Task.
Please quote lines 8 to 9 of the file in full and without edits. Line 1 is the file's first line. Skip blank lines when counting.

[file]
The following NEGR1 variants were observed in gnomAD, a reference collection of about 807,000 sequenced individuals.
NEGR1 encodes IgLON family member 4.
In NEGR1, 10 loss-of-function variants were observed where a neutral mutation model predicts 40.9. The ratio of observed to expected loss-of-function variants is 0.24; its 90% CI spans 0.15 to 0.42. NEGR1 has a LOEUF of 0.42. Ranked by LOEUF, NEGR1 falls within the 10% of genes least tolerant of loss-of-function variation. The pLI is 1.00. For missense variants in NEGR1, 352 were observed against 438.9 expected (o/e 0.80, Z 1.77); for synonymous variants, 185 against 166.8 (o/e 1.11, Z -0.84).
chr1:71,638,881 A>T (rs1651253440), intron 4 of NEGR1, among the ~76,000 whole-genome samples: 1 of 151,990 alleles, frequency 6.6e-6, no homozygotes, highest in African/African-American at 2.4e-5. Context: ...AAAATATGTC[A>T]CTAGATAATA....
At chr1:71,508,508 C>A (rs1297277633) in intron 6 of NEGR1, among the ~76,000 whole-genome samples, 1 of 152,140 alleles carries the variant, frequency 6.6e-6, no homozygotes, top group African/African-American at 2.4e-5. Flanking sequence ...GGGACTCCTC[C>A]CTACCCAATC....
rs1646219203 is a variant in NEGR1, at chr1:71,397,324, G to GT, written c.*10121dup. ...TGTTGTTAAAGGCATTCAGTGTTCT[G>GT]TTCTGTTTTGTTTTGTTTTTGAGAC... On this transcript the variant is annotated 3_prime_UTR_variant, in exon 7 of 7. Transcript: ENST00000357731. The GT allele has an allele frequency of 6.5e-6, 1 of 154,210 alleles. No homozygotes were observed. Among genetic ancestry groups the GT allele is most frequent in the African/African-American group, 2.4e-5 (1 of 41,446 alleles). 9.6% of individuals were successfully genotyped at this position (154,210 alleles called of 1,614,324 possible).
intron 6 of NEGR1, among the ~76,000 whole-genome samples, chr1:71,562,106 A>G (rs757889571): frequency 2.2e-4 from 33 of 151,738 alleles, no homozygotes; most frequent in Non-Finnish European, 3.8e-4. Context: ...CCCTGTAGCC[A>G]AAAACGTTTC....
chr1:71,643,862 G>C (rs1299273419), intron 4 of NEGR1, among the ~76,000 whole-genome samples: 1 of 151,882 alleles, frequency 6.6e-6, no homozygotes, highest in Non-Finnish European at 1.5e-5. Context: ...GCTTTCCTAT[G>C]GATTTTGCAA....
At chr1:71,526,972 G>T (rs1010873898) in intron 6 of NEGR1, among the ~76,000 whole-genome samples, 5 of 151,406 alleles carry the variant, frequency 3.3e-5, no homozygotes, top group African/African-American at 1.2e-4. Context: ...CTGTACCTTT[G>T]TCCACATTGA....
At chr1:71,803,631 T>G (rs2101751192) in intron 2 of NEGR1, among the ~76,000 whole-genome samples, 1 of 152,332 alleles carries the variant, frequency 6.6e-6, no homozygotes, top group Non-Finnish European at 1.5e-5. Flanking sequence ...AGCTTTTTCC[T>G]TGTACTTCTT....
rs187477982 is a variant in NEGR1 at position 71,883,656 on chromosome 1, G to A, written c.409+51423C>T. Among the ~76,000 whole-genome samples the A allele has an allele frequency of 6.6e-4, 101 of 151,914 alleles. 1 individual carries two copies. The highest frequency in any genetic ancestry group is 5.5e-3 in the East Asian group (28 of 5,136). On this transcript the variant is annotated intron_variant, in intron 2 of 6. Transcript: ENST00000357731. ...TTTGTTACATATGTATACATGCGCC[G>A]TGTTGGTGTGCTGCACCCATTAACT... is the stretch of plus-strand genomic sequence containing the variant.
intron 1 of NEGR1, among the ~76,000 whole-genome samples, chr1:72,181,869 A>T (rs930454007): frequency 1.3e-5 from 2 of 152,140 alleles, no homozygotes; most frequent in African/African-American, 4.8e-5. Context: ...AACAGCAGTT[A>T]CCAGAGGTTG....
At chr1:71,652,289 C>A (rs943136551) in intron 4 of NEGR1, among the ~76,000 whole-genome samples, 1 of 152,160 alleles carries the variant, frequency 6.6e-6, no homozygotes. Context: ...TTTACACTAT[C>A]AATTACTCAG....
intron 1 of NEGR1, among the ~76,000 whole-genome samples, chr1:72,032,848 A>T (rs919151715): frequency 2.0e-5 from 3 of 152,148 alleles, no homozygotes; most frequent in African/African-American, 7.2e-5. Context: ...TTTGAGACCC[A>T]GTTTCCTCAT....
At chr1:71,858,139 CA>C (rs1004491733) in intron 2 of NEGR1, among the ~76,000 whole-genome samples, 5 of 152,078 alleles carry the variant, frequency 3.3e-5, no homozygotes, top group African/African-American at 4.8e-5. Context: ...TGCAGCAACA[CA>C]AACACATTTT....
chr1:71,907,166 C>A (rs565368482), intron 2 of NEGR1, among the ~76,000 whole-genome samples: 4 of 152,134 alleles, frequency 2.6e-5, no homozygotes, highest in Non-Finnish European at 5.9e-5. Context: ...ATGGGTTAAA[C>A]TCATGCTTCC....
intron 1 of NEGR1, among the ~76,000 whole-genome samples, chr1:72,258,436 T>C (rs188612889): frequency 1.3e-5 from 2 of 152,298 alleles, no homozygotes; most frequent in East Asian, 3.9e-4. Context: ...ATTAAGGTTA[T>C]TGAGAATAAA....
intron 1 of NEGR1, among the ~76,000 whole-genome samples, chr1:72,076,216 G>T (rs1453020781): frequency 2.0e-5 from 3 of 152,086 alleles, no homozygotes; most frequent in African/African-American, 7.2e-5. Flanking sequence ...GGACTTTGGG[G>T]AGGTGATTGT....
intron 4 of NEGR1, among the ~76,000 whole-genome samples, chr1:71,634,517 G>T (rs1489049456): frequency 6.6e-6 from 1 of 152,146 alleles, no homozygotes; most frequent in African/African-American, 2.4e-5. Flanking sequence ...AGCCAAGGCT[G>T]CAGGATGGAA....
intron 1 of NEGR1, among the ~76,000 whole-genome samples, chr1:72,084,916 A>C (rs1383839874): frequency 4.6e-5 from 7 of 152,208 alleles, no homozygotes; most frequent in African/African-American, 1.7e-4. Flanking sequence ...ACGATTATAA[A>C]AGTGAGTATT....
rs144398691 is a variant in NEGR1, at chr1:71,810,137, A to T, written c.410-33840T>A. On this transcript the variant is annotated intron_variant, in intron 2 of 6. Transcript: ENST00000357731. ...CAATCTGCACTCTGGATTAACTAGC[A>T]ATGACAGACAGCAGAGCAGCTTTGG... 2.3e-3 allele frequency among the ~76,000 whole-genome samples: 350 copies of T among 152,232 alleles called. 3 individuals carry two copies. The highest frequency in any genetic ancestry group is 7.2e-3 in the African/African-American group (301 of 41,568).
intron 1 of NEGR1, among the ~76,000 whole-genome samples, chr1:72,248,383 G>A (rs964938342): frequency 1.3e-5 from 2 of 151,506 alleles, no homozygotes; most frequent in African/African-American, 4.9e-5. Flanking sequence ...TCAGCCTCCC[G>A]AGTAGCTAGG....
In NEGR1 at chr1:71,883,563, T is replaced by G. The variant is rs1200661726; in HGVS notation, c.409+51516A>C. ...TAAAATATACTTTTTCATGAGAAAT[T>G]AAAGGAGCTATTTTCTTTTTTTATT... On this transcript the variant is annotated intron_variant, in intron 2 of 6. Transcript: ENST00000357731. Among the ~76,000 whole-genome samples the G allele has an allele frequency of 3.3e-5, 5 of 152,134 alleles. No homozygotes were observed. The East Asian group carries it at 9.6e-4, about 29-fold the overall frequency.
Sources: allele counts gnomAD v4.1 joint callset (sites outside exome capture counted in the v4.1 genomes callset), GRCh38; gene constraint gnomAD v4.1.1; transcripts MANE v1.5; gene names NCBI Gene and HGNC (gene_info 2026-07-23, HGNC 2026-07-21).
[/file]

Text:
chr1:71,643,862 G>C (rs1299273419), intron 4 of NEGR1, among the ~76,000 whole-genome samples: 1 of 151,882 alleles, frequency 6.6e-6, no homozygotes, highest in Non-Finnish European at 1.5e-5. Context: ...GCTTTCCTAT[G>C]GATTTTGCAA....
At chr1:71,526,972 G>T (rs1010873898) in intron 6 of NEGR1, among the ~76,000 whole-genome samples, 5 of 151,406 alleles carry the variant, frequency 3.3e-5, no homozygotes, top group African/African-American at 1.2e-4. Context: ...CTGTACCTTT[G>T]TCCACATTGA....